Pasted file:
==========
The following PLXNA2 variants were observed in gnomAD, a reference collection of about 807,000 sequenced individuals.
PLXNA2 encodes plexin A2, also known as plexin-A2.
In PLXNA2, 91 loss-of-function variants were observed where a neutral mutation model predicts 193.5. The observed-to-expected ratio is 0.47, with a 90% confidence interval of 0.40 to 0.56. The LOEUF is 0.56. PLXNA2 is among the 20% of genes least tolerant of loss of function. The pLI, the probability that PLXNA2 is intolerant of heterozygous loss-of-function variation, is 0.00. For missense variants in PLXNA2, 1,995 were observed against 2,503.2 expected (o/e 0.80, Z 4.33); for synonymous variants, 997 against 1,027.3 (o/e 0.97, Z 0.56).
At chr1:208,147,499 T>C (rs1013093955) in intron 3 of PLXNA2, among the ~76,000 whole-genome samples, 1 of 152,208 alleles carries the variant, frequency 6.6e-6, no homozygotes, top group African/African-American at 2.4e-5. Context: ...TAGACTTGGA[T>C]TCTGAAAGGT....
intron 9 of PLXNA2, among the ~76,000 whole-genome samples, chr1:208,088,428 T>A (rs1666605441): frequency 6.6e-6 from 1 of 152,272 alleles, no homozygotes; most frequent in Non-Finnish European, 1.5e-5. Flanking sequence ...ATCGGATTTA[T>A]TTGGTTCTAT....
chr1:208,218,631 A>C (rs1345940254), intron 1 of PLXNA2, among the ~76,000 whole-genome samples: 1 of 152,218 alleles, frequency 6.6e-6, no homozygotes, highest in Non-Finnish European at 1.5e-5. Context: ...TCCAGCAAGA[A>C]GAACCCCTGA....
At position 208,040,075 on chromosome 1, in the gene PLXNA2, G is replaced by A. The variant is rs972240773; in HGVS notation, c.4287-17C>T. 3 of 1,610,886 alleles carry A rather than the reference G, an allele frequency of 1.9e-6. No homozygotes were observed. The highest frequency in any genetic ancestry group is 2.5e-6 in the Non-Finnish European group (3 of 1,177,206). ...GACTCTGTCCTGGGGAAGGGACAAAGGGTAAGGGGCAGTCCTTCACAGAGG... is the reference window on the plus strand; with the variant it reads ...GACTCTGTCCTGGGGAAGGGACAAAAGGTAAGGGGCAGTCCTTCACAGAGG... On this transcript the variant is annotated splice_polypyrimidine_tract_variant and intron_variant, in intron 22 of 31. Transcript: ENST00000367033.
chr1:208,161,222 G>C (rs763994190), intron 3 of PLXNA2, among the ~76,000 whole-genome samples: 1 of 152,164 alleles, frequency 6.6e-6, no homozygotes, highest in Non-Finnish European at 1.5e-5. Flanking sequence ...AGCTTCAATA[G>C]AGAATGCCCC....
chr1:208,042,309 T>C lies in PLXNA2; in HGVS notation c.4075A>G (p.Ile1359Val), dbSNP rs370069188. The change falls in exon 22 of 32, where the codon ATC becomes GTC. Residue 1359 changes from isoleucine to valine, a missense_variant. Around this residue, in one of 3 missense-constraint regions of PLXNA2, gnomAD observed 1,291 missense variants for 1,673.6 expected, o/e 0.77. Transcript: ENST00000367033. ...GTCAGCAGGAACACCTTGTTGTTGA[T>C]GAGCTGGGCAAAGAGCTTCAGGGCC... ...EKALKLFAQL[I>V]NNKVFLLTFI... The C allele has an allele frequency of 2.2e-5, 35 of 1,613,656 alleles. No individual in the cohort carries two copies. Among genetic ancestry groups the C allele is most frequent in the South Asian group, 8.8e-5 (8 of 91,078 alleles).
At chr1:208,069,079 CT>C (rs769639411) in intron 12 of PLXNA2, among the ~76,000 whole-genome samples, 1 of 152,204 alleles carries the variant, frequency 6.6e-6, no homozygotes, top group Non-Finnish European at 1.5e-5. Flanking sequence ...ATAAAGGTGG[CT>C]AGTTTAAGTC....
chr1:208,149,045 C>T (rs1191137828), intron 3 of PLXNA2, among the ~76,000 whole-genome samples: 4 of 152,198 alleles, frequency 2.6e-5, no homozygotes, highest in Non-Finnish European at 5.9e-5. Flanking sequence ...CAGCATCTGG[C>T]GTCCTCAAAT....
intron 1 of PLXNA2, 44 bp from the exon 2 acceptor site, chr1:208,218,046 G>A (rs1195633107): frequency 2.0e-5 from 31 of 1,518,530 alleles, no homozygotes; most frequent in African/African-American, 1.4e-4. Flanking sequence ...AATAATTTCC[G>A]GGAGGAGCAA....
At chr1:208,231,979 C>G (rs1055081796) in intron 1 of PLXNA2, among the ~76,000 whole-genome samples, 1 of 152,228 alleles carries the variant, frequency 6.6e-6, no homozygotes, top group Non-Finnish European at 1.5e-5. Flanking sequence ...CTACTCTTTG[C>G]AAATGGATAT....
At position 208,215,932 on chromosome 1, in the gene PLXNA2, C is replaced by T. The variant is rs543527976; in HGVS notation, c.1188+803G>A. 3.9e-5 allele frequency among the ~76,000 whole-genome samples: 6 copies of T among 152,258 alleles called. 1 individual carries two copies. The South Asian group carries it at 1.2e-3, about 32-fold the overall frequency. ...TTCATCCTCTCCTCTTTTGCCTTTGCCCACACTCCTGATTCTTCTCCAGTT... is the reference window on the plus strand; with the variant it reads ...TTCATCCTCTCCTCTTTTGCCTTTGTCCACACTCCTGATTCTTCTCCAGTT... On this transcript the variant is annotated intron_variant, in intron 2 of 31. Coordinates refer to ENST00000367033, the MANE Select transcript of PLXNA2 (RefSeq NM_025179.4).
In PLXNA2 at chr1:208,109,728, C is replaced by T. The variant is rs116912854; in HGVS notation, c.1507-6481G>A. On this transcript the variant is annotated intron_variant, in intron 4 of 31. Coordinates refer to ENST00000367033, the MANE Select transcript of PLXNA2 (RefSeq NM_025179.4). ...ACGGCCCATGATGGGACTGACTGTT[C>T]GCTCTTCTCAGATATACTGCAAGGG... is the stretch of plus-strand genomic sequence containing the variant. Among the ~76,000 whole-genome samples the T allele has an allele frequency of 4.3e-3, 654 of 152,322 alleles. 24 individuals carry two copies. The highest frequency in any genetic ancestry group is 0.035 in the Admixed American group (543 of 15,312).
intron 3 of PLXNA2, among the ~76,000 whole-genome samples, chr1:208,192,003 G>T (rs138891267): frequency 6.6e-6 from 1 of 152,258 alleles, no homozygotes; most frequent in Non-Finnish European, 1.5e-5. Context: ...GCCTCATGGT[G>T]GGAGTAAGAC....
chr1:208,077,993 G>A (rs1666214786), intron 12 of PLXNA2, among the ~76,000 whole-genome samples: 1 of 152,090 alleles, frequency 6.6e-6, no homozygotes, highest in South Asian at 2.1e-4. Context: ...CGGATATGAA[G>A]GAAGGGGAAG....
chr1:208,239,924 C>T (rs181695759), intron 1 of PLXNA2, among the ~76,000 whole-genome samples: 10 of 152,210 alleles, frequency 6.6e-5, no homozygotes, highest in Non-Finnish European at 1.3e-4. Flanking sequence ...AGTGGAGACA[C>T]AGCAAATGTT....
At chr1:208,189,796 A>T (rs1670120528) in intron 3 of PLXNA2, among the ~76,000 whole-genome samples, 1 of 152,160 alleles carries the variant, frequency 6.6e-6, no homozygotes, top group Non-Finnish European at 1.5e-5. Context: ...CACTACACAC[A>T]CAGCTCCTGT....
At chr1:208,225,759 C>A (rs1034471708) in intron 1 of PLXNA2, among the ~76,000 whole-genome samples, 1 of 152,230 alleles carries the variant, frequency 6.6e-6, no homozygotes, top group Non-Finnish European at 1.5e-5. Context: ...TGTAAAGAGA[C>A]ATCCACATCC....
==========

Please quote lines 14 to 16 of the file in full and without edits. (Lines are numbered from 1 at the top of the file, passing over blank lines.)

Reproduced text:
At position 208,215,932 on chromosome 1, in the gene PLXNA2, C is replaced by T. The variant is rs543527976; in HGVS notation, c.1188+803G>A. 3.9e-5 allele frequency among the ~76,000 whole-genome samples: 6 copies of T among 152,258 alleles called. 1 individual carries two copies. The South Asian group carries it at 1.2e-3, about 32-fold the overall frequency. ...TTCATCCTCTCCTCTTTTGCCTTTGCCCACACTCCTGATTCTTCTCCAGTT... is the reference window on the plus strand; with the variant it reads ...TTCATCCTCTCCTCTTTTGCCTTTGTCCACACTCCTGATTCTTCTCCAGTT... On this transcript the variant is annotated intron_variant, in intron 2 of 31. Coordinates refer to ENST00000367033, the MANE Select transcript of PLXNA2 (RefSeq NM_025179.4).
In PLXNA2 at chr1:208,109,728, C is replaced by T. The variant is rs116912854; in HGVS notation, c.1507-6481G>A. On this transcript the variant is annotated intron_variant, in intron 4 of 31. Coordinates refer to ENST00000367033, the MANE Select transcript of PLXNA2 (RefSeq NM_025179.4). ...ACGGCCCATGATGGGACTGACTGTT[C>T]GCTCTTCTCAGATATACTGCAAGGG... is the stretch of plus-strand genomic sequence containing the variant. Among the ~76,000 whole-genome samples the T allele has an allele frequency of 4.3e-3, 654 of 152,322 alleles. 24 individuals carry two copies. The highest frequency in any genetic ancestry group is 0.035 in the Admixed American group (543 of 15,312).
intron 3 of PLXNA2, among the ~76,000 whole-genome samples, chr1:208,192,003 G>T (rs138891267): frequency 6.6e-6 from 1 of 152,258 alleles, no homozygotes; most frequent in Non-Finnish European, 1.5e-5. Context: ...GCCTCATGGT[G>T]GGAGTAAGAC....